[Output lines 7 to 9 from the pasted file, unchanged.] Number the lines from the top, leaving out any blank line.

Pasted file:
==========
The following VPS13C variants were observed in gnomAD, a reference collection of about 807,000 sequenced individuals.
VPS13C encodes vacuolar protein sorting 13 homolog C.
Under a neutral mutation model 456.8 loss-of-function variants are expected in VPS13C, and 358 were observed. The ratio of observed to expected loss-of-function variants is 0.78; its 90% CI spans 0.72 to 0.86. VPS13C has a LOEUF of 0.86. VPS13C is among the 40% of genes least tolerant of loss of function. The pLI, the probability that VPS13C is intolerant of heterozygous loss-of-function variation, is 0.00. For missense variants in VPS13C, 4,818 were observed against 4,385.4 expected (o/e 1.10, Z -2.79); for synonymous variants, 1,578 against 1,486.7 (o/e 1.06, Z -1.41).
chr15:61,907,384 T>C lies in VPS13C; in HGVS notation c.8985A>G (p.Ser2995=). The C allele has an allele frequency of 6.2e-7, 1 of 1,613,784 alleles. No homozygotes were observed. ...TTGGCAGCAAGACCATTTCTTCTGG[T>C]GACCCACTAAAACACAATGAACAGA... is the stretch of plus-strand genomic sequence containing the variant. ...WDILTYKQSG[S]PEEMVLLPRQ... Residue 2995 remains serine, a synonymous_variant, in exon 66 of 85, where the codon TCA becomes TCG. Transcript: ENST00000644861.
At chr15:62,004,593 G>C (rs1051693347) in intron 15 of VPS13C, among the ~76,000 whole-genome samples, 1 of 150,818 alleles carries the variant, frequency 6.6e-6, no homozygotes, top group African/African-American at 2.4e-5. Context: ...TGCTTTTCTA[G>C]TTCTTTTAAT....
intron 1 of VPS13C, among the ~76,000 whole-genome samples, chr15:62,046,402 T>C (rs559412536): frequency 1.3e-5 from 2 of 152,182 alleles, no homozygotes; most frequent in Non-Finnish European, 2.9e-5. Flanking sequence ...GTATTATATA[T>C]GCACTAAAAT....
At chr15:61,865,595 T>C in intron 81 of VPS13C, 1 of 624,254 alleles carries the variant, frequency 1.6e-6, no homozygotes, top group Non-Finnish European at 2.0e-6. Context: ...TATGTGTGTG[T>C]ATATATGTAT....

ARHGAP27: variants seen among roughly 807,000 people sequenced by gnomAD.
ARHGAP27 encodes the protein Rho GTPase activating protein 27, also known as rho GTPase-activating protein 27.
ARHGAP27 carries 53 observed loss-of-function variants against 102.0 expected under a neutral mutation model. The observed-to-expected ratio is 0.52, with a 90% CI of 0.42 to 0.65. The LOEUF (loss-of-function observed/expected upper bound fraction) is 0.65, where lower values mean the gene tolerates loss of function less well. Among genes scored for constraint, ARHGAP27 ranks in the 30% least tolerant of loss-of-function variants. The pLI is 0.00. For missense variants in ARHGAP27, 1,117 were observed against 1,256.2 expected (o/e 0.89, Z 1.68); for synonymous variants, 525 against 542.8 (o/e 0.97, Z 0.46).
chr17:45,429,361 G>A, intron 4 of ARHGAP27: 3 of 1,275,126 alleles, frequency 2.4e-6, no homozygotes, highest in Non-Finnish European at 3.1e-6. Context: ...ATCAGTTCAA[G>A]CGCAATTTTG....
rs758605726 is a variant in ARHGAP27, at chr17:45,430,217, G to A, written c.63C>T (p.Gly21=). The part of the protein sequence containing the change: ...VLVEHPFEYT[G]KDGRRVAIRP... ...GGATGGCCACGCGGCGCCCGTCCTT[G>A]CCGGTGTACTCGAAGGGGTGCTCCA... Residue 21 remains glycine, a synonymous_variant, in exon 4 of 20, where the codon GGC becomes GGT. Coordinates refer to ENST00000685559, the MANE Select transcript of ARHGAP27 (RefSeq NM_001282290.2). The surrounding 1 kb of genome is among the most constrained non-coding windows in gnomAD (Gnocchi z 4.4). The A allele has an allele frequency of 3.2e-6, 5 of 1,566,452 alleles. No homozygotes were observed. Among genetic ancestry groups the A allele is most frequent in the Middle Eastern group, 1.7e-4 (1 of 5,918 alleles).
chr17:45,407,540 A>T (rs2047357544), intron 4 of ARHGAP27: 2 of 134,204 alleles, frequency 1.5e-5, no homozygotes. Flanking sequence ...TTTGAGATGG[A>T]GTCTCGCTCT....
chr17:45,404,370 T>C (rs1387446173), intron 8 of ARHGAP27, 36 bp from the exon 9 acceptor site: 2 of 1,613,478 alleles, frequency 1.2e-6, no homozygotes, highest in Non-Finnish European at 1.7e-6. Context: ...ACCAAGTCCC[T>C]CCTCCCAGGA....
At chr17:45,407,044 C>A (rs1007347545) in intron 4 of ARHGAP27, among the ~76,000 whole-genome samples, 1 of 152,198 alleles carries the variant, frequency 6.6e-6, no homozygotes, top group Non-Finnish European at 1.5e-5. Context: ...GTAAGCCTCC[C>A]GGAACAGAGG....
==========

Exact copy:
At chr15:61,865,595 T>C in intron 81 of VPS13C, 1 of 624,254 alleles carries the variant, frequency 1.6e-6, no homozygotes, top group Non-Finnish European at 2.0e-6. Context: ...TATGTGTGTG[T>C]ATATATGTAT....

ARHGAP27: variants seen among roughly 807,000 people sequenced by gnomAD.
ARHGAP27 encodes the protein Rho GTPase activating protein 27, also known as rho GTPase-activating protein 27.